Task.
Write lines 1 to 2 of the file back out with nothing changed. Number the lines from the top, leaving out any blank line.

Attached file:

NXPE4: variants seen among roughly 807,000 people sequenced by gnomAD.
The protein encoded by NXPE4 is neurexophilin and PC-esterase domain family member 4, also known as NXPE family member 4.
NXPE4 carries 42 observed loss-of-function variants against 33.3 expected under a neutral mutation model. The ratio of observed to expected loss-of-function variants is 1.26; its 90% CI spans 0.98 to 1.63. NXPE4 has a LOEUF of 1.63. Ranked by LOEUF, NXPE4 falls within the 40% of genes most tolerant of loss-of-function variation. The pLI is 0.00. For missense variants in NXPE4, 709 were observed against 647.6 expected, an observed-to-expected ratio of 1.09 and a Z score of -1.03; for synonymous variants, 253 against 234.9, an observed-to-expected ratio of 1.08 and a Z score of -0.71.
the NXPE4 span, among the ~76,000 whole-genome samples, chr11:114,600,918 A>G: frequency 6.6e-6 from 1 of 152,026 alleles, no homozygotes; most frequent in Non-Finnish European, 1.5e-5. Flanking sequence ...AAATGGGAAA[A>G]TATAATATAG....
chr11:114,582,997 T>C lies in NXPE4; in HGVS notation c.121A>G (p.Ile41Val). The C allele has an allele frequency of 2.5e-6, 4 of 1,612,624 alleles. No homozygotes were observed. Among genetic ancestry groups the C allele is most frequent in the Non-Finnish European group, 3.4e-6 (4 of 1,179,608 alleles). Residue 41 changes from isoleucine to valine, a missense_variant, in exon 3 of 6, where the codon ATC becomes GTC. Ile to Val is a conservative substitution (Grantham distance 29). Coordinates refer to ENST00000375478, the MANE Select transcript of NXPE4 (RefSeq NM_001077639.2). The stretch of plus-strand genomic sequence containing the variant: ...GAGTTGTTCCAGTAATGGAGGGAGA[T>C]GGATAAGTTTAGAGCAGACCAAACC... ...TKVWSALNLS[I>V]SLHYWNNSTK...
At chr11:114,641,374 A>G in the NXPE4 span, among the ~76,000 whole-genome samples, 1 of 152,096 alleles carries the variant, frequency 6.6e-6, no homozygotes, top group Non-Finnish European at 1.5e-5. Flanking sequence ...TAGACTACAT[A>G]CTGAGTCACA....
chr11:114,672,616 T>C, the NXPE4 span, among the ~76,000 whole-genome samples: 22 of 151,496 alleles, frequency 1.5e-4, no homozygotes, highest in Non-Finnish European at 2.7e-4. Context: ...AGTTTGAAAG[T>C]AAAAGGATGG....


NXPE4: variants seen among roughly 807,000 people sequenced by gnomAD.
The protein encoded by NXPE4 is neurexophilin and PC-esterase domain family member 4, also known as NXPE family member 4.